[R-meta] Results interpretation publication bias

Michael Dewey ||@t@ @end|ng |rom dewey@myzen@co@uk
Mon Apr 3 14:55:06 CEST 2023

Dear Wilma

Comments in-line

On 03/04/2023 10:14, Wilma Charlott Theilig via R-sig-meta-analysis wrote:
> Hey all,
> I am currently conducting my first meta-analysis using a random effects model. I wanted to investigate whether there is publication bias in my studies using different small-study effects methods. Egger's test and rank correlation test indicate funnel plot asymmetry. I then used the trim and fill method twice.

If you are interested in publication bias, as opposed to small-study 
effects more generally, then
suggests that a selection model would be preferable to trim and fill.

> Once with all studies and since I had a very high I2 value (98.4%) and then again but with excluded outliers (here I used the find.outlier function from dmetar to identify 39 of 79 studies as outliers) as a sensitivity analysis.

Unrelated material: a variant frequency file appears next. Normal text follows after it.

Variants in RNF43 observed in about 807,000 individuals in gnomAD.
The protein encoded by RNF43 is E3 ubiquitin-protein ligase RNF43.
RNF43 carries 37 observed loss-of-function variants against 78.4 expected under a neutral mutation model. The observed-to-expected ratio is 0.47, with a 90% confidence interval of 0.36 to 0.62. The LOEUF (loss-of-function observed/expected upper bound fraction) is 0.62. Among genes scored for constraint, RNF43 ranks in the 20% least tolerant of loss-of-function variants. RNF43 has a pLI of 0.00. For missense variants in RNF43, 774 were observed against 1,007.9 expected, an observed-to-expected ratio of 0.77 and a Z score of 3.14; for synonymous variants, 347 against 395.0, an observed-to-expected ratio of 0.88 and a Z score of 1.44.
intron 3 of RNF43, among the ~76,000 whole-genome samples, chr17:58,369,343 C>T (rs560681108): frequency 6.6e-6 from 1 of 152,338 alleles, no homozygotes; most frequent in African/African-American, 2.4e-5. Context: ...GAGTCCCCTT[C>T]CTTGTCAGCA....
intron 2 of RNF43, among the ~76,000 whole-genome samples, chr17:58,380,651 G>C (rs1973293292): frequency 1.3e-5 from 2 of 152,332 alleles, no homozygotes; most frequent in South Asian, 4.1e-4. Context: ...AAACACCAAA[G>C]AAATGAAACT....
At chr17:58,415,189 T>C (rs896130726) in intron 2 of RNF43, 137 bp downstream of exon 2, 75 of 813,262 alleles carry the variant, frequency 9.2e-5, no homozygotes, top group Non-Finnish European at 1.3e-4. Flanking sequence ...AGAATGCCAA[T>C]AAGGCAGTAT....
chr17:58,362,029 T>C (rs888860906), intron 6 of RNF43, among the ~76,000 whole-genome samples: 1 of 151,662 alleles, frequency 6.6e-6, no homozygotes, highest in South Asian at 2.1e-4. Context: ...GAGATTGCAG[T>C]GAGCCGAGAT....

A method which identifies the majority of your data as outliers is not 
detecting outliers in the normal meaning of the word. Is it telling you 
you have a mixture distribution of effect sizes? When you look at them 
do you see any common feature about the primary studies? That is where I 
would look first to try to identify possible moderators.

> Both values are higher (r= .57 and r= .38 without outliers) than than the original overall pooled effect size (r= .36). So my interpretation would be: there seems to be "missing" mainly large effect sizes with small standard errors (i.e. large studies reporting large effect sizes, at least according to the contour enhanced funnel plot).

Although this list deprecates attachments actually seeing the funnel 
plot might help here. I think the list might accept pdf attachments.


  But maybe it is also due to high heterogeneity? How can I interpret 
this result? I would greatly appreciate an answer a
>   nd some help.
> Best regards
> Wilma
> 	[[alternative HTML version deleted]]
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